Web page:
/thanks for the idiotic comment that allowed me to use this image again



Sooo, my chuckling that the article was based on the obvious answer to a stupid question qualifies as "derp" to you? Clearly Fark is well below your intellectual capacity - why are you even here? Doesn't Mensa have a web forum?

Or did someone just shiat on you in real life, and you're here to transfer your revenge to people you can get away with mouthing off to - complete strangers on the internet?
 
2012-11-02 03:49:53 PM

Harv72b:
This assumes that our universe is all that exists or ever has existed, and that the Big Bang/Really Fast Expansion/Creation was the beginning of everything, ever.



I used to term "probably" to indicate high probability of being accurate within information I have. There are competing theories regarding multiple universes, single universes, cosmic landscapes, all of which have some greater or lesser degree of probability. Currently, with all of the information I have readily available, I have concluded that treating other "bubbles" as even being existent is pointless, since even if they did exist, we couldn't get there from here, at least according to all of the theories I have read.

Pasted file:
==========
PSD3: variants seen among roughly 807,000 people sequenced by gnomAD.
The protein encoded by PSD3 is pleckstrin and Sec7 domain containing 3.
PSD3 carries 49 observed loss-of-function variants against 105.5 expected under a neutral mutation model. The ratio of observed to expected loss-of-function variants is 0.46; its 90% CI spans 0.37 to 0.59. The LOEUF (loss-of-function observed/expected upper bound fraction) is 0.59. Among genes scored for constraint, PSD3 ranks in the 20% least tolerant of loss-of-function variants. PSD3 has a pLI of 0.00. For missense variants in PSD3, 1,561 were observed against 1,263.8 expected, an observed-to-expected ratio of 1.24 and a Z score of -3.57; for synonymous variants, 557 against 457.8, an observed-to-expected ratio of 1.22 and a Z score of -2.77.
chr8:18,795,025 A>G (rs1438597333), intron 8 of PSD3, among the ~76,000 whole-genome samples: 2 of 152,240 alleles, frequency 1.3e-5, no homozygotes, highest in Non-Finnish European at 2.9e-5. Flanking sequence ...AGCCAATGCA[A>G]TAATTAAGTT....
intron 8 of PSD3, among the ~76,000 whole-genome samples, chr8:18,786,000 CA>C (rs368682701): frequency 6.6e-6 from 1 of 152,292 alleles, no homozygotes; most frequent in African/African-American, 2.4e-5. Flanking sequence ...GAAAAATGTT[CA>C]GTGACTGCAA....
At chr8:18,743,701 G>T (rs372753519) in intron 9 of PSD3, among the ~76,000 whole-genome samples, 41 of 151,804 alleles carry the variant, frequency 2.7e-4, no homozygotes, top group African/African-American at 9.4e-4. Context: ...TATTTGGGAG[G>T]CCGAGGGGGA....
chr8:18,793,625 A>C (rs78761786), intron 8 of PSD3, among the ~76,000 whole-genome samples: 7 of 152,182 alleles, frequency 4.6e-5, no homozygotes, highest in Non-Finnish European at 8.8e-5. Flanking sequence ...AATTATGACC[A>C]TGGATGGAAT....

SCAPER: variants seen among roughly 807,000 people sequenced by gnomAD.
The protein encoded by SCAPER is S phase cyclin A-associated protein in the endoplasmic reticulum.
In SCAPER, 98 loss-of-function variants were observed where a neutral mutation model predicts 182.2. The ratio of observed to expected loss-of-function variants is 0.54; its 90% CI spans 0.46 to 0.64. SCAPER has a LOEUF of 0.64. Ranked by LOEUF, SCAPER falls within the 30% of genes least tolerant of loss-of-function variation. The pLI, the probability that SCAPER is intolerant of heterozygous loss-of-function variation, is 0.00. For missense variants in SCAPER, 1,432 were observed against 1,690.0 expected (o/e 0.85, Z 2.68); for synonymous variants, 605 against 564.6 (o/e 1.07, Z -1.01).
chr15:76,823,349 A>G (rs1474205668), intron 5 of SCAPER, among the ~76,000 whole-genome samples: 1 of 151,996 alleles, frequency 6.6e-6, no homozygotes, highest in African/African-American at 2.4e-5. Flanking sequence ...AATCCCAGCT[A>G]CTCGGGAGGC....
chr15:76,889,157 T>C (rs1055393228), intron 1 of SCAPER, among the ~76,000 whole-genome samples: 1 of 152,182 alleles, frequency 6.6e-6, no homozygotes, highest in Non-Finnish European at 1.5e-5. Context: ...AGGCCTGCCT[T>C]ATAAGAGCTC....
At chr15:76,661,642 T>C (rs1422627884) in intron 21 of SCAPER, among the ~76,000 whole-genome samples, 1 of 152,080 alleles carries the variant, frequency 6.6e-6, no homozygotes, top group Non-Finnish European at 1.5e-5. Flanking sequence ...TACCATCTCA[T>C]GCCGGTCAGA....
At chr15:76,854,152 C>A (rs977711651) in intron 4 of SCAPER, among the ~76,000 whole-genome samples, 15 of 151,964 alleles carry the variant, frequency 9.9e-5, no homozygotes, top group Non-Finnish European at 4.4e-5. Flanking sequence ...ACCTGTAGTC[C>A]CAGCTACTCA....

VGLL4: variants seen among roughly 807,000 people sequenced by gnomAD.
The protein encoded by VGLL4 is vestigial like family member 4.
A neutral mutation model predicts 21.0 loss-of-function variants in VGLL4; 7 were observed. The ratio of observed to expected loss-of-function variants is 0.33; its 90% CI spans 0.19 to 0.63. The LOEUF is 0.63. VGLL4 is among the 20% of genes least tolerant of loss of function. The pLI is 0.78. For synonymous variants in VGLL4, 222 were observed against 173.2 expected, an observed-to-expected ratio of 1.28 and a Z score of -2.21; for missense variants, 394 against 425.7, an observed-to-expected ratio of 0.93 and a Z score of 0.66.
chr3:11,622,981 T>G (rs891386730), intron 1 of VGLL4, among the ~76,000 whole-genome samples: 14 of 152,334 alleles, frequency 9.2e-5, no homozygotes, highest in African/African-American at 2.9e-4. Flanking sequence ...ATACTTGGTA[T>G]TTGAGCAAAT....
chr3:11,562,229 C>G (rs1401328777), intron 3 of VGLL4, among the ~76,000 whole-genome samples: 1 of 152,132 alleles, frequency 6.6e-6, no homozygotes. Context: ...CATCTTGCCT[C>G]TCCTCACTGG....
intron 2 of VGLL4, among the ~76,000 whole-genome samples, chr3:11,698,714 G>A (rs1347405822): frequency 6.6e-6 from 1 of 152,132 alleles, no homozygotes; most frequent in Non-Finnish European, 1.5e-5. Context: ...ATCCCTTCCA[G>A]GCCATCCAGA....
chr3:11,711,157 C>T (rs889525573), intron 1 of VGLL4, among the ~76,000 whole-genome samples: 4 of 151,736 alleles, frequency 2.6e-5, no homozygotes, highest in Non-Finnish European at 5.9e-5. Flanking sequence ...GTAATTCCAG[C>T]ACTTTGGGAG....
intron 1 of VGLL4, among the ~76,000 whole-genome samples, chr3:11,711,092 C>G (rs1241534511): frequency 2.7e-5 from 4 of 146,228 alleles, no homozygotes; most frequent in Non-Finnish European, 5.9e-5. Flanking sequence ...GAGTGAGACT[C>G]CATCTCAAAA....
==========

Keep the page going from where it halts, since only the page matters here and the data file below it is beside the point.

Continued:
I avoid the term "Creation" specifically, due to lack of viable proof, as it indicates external agency in the birth of the universe.
 
2012-11-02 03:49:59 PM
and god too.. thats a real thing
 
2012-11-02 03:52:29 PM

titwrench: Great Janitor: The dumbest argument for not believing in aliens was a girl who said "The bible doesn't mention aliens so they aren't real." I responded with "Penguins."

That is going to be my rebuttal for every argument from now on.


What do you expect from flightless birds who live in The Land without Bears? 

I still find it remarkable that an entire continent is named after the fact that there aren't any bears there. i mean, we don't call North America NoGiraffestan.
 
2012-11-02 03:54:19 PM
A NASA scientist is espousing belief? I thought NASA only hired scientists... it looks like they let a faith-based individual through their interview process.

/"In God We Trust, All Others Bring Data"
 
2012-11-02 03:54:52 PM

Lawnchair: honk: In fact, I think that some of the random static we get from the skies might be communication that's too cryptic or something for us to be able to even recognize as communication.